The second assumption is that any difference in the price level elasticity of aggregate demand for this paper arises only from either the real balance or interest rate effect, with the corollary being that the price level sensitivity of the balance of trade is assumed equal for aggregate demand curves of different price level elasticities.
Panel A of Figure 1 shows the standard aggregate demand, short-run aggregate supply model expanded to include two aggregate demand curves of different price level elasticities.
Now assume that a positive aggregate demand shock occurs and shifts both aggregate demand curves horizontally by the distance [E.sub.0]X.
Panel A of Figure 2 again shows the standard aggregate demand, aggregate supply model expanded with two aggregate demand curves of different elasticities, labeled as before.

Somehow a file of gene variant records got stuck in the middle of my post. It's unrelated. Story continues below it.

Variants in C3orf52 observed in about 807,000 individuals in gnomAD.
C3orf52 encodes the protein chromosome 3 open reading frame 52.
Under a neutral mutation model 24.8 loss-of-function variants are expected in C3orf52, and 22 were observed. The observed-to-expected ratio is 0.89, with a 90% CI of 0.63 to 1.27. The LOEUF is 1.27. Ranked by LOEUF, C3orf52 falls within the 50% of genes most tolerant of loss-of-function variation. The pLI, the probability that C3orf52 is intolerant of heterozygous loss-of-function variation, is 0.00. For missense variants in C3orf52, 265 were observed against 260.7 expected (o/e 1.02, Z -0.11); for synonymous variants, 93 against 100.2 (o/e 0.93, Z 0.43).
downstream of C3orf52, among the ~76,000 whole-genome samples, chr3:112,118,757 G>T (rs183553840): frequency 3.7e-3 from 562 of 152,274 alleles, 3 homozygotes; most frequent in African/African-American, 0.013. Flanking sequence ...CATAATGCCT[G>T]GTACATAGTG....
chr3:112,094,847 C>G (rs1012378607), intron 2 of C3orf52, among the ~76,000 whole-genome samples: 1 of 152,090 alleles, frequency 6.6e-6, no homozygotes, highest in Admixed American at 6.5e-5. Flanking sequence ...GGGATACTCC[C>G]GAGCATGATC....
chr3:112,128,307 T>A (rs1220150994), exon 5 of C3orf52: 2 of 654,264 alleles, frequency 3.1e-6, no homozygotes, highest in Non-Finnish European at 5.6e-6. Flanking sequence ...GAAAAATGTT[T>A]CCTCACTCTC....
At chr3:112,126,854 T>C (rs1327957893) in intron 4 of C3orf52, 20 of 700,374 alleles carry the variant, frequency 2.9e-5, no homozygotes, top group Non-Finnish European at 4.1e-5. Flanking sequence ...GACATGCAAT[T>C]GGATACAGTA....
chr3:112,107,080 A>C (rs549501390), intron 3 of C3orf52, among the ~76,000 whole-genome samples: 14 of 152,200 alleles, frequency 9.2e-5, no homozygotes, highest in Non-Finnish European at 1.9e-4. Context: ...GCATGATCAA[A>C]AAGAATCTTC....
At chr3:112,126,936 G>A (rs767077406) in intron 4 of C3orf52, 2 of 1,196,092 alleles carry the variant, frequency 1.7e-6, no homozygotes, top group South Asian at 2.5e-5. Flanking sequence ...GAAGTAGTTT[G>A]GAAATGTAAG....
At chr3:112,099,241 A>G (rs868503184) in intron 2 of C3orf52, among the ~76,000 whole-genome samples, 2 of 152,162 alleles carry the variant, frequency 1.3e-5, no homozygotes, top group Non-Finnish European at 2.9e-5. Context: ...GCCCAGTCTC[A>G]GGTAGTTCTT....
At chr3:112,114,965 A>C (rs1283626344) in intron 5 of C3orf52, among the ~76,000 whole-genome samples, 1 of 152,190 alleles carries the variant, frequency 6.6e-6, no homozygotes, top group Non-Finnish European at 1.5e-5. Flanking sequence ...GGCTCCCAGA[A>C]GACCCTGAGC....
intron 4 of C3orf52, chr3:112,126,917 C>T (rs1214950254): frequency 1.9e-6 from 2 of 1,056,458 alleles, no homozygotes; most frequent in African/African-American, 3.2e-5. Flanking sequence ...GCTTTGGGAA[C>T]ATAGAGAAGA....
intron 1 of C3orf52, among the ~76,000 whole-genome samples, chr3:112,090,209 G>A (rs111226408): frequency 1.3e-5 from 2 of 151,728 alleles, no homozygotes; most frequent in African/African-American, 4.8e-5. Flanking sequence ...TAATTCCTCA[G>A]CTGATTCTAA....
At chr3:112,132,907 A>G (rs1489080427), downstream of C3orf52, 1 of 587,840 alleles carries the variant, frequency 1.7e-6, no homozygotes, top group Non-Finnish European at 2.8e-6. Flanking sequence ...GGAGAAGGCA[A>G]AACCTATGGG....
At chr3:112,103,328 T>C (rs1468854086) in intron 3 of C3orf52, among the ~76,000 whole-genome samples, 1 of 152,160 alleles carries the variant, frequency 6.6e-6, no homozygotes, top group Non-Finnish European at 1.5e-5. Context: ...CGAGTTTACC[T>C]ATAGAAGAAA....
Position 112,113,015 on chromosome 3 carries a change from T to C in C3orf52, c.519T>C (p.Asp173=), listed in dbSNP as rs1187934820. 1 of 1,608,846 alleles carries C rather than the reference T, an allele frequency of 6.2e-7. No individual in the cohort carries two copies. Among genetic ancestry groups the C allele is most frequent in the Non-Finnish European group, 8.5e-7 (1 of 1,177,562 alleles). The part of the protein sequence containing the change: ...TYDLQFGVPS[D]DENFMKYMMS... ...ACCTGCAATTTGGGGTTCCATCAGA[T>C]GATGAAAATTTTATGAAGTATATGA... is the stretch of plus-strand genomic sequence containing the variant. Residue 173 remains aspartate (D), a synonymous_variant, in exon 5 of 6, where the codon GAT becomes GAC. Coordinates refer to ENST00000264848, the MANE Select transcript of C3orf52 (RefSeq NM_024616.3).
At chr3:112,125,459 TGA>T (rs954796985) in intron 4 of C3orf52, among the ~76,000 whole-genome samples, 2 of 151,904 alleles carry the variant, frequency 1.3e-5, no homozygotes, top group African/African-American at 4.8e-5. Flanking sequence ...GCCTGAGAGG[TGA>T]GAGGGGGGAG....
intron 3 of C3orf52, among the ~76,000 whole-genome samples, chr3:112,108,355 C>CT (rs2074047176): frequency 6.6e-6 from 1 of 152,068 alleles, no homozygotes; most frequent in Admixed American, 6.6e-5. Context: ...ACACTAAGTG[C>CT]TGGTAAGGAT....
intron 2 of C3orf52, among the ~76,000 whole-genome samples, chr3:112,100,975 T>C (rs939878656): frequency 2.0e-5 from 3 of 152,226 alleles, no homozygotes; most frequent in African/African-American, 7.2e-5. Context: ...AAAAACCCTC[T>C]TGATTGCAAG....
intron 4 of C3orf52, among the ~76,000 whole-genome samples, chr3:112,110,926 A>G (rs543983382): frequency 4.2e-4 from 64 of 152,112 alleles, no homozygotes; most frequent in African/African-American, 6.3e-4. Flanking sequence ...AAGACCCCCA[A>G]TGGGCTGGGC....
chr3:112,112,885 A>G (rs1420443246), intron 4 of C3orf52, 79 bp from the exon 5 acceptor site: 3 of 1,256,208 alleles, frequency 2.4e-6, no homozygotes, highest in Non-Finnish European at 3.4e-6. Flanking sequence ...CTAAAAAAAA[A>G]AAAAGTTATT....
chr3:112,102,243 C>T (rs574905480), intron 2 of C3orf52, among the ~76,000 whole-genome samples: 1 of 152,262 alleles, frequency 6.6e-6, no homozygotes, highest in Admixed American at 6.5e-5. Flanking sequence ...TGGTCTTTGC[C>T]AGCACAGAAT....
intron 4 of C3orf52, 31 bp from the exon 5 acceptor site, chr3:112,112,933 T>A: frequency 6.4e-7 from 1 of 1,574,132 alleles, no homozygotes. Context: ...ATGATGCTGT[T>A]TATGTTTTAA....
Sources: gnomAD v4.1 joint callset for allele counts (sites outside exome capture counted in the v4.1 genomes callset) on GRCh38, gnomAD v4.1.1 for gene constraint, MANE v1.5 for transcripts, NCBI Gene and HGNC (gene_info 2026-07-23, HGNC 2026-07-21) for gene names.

For any given increase of aggregate supply with a negatively sloped aggregate demand curve, the price level will decrease, real GDP will increase, and the net effect on the balance of trade is ambiguous In this case the price level elasticity of demand, by governing the relative strengths of the price level and real GDP changes, determines both the direction of change of the balance of trade and the size of the resultant trade deficit or surplus.
"A Note on Macroeconomics Textbooks: The Use of the Aggregate Demand Curve," Journal of Economic Literature, 12: 896-897.
"A Comment on 'The Use of the Aggregate Demand Curve,'" Journal of Economic Literature, 13: 472-473.
The intersection of these aggregate demand curves
and the aggregate supply curve produce the goods market-clearing equilibrium values of [P.sup.H.sub .t], [[Y.sup.H.sub.t], and [P.sup.L.sub.t], [Y.sup.L.sub.t], respectively, portrayed in Figure 2.
For the sake of illustration, the three aggregate demand curves
([AD.sub.1, AD.sub.2, and AD.sub.3]) are assumed to represent the aggregate demand curves
of either Ricardo or Keynes.